People who view the “epidemic of autism” as a new phenomenon that is characteristic only of the youngest generation are very fond of claiming that there are no older autists.
As a rule, the only proof of these statements is their personal experience when they say: “Why has no one heard of older autists? I can’t find them!” Such comments evoke an image of these people walking the streets, knocking strangers on the shoulder and asking, “Are you, by any chance, not autistic?” It’s not a very good way to collect data, says Dr. Denis Slinkin.
Although some seem to be unable to find autistic people 50-60 years of age or older, more methodical studies have been able to find older people with autism.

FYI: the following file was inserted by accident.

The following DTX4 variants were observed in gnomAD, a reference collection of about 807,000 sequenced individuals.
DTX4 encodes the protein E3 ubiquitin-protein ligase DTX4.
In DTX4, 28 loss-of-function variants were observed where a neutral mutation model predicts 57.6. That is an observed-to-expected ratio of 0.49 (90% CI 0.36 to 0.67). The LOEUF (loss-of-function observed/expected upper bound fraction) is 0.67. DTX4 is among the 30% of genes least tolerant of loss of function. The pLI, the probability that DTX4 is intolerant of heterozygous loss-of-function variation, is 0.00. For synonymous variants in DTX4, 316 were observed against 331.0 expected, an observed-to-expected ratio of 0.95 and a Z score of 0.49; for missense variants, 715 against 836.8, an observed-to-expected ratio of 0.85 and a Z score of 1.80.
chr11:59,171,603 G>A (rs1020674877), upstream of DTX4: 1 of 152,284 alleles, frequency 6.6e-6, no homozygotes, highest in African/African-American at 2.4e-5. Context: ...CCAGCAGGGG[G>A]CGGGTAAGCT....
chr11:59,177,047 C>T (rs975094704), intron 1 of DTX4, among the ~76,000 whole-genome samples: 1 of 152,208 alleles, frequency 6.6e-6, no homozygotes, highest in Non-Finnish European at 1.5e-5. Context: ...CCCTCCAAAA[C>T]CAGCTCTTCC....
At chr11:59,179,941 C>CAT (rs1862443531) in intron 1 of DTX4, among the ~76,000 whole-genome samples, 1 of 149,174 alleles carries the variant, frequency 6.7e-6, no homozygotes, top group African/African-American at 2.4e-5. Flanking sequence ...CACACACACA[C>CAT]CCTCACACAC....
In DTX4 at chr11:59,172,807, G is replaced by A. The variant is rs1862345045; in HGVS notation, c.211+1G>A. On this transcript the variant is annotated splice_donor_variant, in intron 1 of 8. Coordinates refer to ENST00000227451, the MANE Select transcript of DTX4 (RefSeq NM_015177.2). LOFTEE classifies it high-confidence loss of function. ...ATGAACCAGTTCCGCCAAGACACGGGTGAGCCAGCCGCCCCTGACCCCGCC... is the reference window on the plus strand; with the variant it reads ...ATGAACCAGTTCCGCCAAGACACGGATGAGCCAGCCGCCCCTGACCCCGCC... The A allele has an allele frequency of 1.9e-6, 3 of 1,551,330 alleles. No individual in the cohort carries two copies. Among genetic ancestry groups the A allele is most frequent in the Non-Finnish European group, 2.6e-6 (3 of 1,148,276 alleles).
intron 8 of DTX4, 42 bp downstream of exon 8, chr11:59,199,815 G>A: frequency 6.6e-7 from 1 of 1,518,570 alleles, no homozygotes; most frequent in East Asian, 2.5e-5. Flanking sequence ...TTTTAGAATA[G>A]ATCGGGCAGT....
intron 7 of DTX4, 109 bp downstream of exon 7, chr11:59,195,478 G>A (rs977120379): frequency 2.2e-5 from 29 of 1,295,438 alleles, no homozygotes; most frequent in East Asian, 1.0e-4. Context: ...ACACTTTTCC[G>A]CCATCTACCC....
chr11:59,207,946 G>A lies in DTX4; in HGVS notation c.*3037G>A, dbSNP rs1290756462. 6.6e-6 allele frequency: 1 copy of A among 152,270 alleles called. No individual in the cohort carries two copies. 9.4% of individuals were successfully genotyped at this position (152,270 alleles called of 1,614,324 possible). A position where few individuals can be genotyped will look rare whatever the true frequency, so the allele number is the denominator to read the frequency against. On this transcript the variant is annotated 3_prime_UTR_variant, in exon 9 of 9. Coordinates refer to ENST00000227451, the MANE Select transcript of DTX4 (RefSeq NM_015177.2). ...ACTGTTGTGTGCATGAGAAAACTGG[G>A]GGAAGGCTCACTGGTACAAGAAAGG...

Dr. Denis Slinkin argues that these studies have also shown that very often people who had been diagnosed with mental retardation in the past and found themselves in closed institutions would now be diagnosed with autism.
These studies are inconsistent with allegations of an “autism epidemic” that blames vaccines, vaccination regimens or problems in today’s society (toxins and chemicals, maternal antibodies, air pollution, etc.).
It turns out that the problem may also be related to the generation of our grandfathers. A recent Swedish study showed that the age of grandfathers is positively correlated with the risk of autism in grandchildren, and autism is more common in children whose grandfathers became parents 50 years and older.